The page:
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Open Access Antiquity revisited: Challenges and opportunities in the creation of the new Greek history curriculum

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This paper presents and discusses the rationale behind the curriculum covering ancient Greek history, a topic that is taught twice during the course of Greek compulsory education (covering 6–15 year olds). The undertaking to develop a new history curriculum set the framework for a reconsideration of themes and approaches to the teaching of antiquity, based on changes to the scope, aims, teaching topics, methodological approaches and assessments introduced. The approved new history curriculum attempts to elevate the status of prehistory relative to other historical periods, so as to strike a balance between local, national and global history, highlighting the common origin and evolution of modern humans. It introduces archaeology, material culture and museums as structural tools for research into and understanding of antiquity by students. It also focuses on social and cultural history, and reassesses dominant historiographical views of the ancient world. Additionally, a methodological framework that encourages students to create their own accounts and interpretations of the ancient past is recommended, by proposing activities that support historical enquiry and the development of key historical concepts.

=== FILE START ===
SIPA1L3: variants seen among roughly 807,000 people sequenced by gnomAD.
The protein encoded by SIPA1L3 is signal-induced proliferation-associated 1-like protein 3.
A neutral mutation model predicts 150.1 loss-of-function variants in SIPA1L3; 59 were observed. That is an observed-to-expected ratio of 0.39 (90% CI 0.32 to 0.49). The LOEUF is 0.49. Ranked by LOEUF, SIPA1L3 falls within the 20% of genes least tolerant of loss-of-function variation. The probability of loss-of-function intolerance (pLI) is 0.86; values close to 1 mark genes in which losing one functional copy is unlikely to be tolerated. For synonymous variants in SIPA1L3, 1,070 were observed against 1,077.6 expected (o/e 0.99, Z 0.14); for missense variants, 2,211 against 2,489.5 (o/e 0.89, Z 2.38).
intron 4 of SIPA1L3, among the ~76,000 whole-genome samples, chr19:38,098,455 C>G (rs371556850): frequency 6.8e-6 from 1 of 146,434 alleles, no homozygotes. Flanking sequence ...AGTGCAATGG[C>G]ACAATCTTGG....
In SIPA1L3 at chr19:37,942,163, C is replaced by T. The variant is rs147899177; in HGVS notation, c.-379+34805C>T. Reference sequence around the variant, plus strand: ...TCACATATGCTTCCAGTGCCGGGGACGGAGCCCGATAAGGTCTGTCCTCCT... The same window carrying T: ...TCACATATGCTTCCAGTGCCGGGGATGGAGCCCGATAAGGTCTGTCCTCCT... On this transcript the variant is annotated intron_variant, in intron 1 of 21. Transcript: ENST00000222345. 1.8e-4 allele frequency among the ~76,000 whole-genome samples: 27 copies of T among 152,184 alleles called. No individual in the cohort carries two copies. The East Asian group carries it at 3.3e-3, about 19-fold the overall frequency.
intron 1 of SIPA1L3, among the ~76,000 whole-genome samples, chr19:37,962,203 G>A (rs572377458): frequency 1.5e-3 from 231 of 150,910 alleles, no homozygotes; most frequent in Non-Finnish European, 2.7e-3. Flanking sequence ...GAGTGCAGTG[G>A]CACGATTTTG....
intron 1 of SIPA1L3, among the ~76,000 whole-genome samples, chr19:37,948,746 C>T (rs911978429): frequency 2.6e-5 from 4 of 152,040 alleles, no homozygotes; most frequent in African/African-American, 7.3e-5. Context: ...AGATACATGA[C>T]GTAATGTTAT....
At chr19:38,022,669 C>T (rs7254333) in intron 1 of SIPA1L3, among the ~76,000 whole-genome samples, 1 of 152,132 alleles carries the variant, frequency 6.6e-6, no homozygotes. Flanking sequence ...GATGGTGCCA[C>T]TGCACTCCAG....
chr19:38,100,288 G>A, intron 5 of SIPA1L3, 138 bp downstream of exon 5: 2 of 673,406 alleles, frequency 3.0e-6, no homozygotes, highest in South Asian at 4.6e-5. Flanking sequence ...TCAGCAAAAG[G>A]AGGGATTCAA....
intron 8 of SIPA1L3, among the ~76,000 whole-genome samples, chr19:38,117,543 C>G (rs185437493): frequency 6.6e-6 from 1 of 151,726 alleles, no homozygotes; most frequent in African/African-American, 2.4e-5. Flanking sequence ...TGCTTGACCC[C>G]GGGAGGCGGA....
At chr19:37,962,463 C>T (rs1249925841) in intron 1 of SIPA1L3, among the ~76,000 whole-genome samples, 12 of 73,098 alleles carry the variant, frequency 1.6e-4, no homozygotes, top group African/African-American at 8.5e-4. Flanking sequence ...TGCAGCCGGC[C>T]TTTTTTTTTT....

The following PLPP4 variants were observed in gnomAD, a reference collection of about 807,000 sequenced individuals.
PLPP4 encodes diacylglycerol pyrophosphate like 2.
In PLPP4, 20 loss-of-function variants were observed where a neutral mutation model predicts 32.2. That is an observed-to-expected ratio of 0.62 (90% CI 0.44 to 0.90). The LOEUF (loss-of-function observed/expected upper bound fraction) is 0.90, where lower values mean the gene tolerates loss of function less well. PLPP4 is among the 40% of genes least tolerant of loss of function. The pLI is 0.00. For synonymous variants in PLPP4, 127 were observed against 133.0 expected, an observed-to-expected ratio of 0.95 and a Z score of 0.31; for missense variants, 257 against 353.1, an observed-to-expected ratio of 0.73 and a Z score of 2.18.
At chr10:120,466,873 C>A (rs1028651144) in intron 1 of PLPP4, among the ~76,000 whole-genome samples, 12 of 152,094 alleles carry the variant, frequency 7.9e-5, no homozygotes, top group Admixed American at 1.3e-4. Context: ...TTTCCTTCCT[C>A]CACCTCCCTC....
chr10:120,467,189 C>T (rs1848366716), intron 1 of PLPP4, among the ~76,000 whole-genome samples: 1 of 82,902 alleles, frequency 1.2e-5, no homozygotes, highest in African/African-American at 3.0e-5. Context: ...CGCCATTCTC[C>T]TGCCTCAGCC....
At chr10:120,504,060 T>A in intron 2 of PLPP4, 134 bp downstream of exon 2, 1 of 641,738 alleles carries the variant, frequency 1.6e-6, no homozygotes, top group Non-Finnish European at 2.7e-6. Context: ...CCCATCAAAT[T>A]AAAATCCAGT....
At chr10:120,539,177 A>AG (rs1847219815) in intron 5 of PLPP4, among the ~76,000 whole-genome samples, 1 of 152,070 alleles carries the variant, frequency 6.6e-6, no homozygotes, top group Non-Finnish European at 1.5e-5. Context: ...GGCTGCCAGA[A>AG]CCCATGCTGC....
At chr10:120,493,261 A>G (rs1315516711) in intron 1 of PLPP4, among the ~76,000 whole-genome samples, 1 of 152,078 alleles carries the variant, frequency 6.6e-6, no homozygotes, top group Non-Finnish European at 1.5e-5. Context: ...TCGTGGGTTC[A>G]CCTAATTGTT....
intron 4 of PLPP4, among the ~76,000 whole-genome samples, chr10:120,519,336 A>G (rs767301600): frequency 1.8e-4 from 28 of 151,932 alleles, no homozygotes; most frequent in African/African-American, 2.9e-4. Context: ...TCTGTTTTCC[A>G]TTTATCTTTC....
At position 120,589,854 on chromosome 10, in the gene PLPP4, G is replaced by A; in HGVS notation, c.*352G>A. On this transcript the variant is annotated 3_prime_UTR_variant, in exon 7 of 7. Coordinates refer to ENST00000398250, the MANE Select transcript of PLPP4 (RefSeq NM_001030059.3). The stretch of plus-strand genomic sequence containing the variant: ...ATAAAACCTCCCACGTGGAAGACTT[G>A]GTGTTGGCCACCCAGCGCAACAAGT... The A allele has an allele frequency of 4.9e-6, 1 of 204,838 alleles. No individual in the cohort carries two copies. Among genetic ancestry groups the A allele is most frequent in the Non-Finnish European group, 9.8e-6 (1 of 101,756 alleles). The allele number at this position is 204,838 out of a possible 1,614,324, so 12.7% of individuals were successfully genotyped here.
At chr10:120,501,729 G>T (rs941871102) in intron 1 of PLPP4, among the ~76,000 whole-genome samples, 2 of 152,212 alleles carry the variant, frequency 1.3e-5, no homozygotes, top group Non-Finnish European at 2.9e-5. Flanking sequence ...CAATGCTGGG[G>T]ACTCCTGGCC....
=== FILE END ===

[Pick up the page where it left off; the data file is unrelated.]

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Document Type: Research Article

Publication date: October 1, 2019

More about this publication?
  • The History Education Research Journal (HERJ) is an international, open-access, peer-reviewed journal that focuses on the global significance and impact of history education. It covers all aspects of history education theory, scholarship, and pure and applied research. Articles illuminate contemporary issues, concerns, policies and practice, drawing upon the eclectic research methodologies of history education. The journal is published in partnership with the Historical Association.

    HERJ is a relaunch of the International Journal of Historical Learning Teaching and Research. All past issues up to and including vol. 15, no. 1 were published under this title. HERJ vol. 15, no. 2 is the first to be published by UCL IOE Press.
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